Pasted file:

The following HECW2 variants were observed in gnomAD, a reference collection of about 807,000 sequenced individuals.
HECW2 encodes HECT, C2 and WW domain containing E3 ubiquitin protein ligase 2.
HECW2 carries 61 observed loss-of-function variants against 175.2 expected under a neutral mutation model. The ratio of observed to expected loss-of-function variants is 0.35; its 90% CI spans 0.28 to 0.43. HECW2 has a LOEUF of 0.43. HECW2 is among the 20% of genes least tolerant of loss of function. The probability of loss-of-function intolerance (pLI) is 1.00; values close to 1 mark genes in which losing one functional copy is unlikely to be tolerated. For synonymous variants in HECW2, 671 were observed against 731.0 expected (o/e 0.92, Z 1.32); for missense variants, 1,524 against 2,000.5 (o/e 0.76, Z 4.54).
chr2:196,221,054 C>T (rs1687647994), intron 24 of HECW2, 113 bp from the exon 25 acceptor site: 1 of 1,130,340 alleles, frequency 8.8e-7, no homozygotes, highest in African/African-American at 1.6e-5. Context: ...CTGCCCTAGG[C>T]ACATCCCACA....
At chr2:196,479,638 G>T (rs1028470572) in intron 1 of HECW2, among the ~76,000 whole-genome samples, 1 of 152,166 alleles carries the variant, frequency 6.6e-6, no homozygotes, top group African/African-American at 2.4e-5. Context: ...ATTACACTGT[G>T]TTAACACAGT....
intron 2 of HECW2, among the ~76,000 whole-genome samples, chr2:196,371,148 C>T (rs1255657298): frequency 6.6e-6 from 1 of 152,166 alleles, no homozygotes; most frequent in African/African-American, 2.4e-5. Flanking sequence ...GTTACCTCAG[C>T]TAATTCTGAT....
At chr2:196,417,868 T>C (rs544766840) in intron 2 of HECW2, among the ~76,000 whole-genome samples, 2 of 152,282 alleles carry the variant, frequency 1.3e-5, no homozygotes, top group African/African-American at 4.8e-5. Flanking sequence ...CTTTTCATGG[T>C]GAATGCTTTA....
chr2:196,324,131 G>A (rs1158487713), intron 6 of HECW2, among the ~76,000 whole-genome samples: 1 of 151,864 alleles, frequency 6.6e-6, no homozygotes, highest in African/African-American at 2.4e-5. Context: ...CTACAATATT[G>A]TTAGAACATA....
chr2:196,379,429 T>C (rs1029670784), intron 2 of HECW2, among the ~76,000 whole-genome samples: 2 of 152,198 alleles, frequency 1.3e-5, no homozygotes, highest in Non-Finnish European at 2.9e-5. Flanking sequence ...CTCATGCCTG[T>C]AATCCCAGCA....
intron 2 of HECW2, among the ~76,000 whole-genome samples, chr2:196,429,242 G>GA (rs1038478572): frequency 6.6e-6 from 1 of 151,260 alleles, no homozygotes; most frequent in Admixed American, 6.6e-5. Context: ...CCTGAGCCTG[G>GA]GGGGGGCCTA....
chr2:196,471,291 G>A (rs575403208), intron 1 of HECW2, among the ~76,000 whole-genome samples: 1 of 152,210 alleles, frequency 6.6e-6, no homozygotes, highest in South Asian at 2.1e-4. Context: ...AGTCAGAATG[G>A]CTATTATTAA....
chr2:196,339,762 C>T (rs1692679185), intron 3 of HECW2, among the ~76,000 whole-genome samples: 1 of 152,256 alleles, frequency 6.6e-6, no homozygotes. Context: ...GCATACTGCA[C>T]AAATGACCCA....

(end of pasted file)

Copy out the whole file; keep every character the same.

The following HECW2 variants were observed in gnomAD, a reference collection of about 807,000 sequenced individuals.
HECW2 encodes HECT, C2 and WW domain containing E3 ubiquitin protein ligase 2.
HECW2 carries 61 observed loss-of-function variants against 175.2 expected under a neutral mutation model. The ratio of observed to expected loss-of-function variants is 0.35; its 90% CI spans 0.28 to 0.43. HECW2 has a LOEUF of 0.43. HECW2 is among the 20% of genes least tolerant of loss of function. The probability of loss-of-function intolerance (pLI) is 1.00; values close to 1 mark genes in which losing one functional copy is unlikely to be tolerated. For synonymous variants in HECW2, 671 were observed against 731.0 expected (o/e 0.92, Z 1.32); for missense variants, 1,524 against 2,000.5 (o/e 0.76, Z 4.54).
chr2:196,221,054 C>T (rs1687647994), intron 24 of HECW2, 113 bp from the exon 25 acceptor site: 1 of 1,130,340 alleles, frequency 8.8e-7, no homozygotes, highest in African/African-American at 1.6e-5. Context: ...CTGCCCTAGG[C>T]ACATCCCACA....
At chr2:196,479,638 G>T (rs1028470572) in intron 1 of HECW2, among the ~76,000 whole-genome samples, 1 of 152,166 alleles carries the variant, frequency 6.6e-6, no homozygotes, top group African/African-American at 2.4e-5. Context: ...ATTACACTGT[G>T]TTAACACAGT....
intron 2 of HECW2, among the ~76,000 whole-genome samples, chr2:196,371,148 C>T (rs1255657298): frequency 6.6e-6 from 1 of 152,166 alleles, no homozygotes; most frequent in African/African-American, 2.4e-5. Flanking sequence ...GTTACCTCAG[C>T]TAATTCTGAT....
At chr2:196,417,868 T>C (rs544766840) in intron 2 of HECW2, among the ~76,000 whole-genome samples, 2 of 152,282 alleles carry the variant, frequency 1.3e-5, no homozygotes, top group African/African-American at 4.8e-5. Flanking sequence ...CTTTTCATGG[T>C]GAATGCTTTA....
chr2:196,324,131 G>A (rs1158487713), intron 6 of HECW2, among the ~76,000 whole-genome samples: 1 of 151,864 alleles, frequency 6.6e-6, no homozygotes, highest in African/African-American at 2.4e-5. Context: ...CTACAATATT[G>A]TTAGAACATA....
chr2:196,379,429 T>C (rs1029670784), intron 2 of HECW2, among the ~76,000 whole-genome samples: 2 of 152,198 alleles, frequency 1.3e-5, no homozygotes, highest in Non-Finnish European at 2.9e-5. Flanking sequence ...CTCATGCCTG[T>C]AATCCCAGCA....
intron 2 of HECW2, among the ~76,000 whole-genome samples, chr2:196,429,242 G>GA (rs1038478572): frequency 6.6e-6 from 1 of 151,260 alleles, no homozygotes; most frequent in Admixed American, 6.6e-5. Context: ...CCTGAGCCTG[G>GA]GGGGGGCCTA....
chr2:196,471,291 G>A (rs575403208), intron 1 of HECW2, among the ~76,000 whole-genome samples: 1 of 152,210 alleles, frequency 6.6e-6, no homozygotes, highest in South Asian at 2.1e-4. Context: ...AGTCAGAATG[G>A]CTATTATTAA....
chr2:196,339,762 C>T (rs1692679185), intron 3 of HECW2, among the ~76,000 whole-genome samples: 1 of 152,256 alleles, frequency 6.6e-6, no homozygotes. Context: ...GCATACTGCA[C>T]AAATGACCCA....